The guys at OpenGL and on #beryl-dev were very helpful in increasing my understanding of how Beryl works. There hasn't been a lot of testing done of 3D desktops over remote display, and I volunteered to do what I could to test and improve this type of deployment.
The first step is to build a baseline of how it works now, and then monitor as patches and changes are made. It's my understanding that for a crisp 3D desktop one wants to have around 100 frames per second from the Beryl Benchmark plugin. When you drop below that it works, but feels sluggish.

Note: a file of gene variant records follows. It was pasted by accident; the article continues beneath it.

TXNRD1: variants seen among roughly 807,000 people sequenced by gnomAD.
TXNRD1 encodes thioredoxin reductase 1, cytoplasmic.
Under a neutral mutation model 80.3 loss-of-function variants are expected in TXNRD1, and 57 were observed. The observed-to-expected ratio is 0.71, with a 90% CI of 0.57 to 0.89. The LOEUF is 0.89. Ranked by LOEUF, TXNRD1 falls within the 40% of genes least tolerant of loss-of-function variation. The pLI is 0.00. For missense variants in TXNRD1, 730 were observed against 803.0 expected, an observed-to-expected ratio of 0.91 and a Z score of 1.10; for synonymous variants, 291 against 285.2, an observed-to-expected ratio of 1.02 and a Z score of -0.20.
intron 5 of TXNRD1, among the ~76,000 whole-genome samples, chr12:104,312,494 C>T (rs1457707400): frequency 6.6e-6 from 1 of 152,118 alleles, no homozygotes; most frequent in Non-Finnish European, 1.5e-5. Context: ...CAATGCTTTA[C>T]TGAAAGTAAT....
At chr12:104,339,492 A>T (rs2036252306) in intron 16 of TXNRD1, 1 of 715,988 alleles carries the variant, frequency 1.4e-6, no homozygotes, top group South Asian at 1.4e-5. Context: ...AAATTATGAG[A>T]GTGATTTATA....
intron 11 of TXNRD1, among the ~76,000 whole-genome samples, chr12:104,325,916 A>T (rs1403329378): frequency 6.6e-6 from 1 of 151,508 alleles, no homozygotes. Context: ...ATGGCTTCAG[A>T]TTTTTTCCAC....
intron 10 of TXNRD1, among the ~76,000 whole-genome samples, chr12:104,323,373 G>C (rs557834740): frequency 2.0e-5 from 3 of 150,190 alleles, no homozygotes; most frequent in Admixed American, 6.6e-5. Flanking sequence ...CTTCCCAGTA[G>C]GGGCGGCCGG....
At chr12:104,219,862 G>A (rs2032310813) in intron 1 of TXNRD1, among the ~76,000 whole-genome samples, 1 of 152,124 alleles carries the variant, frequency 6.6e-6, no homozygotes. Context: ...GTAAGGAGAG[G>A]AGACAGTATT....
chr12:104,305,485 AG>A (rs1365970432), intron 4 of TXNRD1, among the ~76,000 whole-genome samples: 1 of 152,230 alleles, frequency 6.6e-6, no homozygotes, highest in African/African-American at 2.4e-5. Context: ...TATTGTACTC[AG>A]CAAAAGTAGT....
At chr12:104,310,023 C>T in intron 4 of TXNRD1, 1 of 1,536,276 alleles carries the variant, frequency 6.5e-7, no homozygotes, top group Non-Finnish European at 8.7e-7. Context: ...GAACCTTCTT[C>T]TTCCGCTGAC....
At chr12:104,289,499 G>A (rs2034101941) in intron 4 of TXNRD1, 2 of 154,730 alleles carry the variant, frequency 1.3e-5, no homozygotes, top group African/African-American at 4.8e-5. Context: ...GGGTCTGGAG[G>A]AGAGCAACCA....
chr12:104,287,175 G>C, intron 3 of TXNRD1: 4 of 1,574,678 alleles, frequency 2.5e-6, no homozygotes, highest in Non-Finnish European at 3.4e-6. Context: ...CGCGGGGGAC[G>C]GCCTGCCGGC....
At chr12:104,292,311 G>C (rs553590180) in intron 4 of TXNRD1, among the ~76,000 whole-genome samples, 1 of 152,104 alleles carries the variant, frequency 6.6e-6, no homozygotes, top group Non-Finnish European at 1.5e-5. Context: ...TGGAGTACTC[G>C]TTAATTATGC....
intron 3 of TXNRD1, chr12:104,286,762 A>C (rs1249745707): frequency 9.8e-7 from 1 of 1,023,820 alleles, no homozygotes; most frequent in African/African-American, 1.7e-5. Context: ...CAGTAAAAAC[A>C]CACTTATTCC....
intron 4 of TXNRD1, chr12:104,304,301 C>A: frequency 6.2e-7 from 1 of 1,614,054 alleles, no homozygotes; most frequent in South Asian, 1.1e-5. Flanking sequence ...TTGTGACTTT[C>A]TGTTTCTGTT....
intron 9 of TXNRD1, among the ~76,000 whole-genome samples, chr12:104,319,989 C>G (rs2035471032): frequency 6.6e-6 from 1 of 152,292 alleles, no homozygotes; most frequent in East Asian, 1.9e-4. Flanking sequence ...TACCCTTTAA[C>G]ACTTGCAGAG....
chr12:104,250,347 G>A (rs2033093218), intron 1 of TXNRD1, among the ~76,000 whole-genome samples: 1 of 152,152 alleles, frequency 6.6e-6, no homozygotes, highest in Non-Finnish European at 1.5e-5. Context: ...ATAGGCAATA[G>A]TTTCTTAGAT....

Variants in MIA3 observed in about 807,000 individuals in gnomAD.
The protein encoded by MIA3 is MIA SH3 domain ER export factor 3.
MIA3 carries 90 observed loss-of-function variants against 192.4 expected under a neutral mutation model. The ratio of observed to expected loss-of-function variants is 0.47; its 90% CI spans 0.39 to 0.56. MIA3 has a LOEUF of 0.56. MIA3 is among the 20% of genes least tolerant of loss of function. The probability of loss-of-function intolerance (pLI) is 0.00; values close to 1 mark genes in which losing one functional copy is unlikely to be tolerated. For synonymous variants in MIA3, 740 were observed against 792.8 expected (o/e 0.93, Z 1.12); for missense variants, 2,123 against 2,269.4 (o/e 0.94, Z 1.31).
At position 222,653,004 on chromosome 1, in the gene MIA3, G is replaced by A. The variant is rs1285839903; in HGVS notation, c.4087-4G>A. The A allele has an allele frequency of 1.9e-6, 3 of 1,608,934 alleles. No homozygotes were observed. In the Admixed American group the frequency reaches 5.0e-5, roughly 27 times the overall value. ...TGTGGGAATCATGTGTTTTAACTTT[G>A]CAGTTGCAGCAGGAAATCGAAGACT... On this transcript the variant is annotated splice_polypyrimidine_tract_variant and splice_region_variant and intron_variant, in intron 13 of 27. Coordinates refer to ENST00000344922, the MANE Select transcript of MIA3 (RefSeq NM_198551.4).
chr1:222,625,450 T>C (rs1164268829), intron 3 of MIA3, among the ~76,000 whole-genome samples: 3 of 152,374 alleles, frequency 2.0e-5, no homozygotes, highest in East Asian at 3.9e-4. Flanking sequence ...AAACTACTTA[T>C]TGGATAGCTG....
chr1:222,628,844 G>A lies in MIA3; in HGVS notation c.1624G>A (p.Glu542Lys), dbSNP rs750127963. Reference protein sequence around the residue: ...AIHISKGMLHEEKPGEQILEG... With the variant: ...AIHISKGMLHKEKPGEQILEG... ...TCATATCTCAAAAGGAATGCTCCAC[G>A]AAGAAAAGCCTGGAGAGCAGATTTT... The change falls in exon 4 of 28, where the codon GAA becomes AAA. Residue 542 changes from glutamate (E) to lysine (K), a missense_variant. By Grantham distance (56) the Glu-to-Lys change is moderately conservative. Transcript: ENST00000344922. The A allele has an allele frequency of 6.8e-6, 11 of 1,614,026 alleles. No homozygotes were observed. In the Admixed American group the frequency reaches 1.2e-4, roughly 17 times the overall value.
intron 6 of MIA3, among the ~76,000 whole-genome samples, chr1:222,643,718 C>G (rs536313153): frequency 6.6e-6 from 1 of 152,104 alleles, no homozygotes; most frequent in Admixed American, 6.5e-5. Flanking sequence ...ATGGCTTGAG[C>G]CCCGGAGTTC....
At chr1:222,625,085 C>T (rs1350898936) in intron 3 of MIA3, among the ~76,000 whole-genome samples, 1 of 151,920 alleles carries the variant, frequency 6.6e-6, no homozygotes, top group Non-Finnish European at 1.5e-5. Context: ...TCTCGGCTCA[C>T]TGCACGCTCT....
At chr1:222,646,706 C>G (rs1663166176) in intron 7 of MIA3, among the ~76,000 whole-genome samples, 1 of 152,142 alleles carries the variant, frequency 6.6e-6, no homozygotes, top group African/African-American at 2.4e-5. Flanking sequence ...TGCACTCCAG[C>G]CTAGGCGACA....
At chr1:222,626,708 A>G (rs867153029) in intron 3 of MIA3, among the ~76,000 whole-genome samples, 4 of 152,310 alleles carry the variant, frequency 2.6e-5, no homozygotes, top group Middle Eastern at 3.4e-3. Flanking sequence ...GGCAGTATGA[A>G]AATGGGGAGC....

My baseline is to log into GNOME, start beryl, and have Evolution and one gnome-terminal window open. Based on that benchmark, Beryl runs well for all of the 16 bit color resolutions, and will support 24 bit color in 1024x768. 1024x768 is the standard for 99% of 'Office Workers'. Once you go higher than 1024 in 24 bit color, it begins to slow. The highest I tested was 24 bit color, 1680x1050 which works, but is a bit too slow to deploy. Window movement is not crisp, and applications take a while to render and scroll.
I'll put the Nvidia card back in again after Christmas and perform the same test. Thanks to everyone that is helping me understand how it all works. It's certainly something that could be deployed.
(Benchmarks below, go to my blog if the chart does not appear).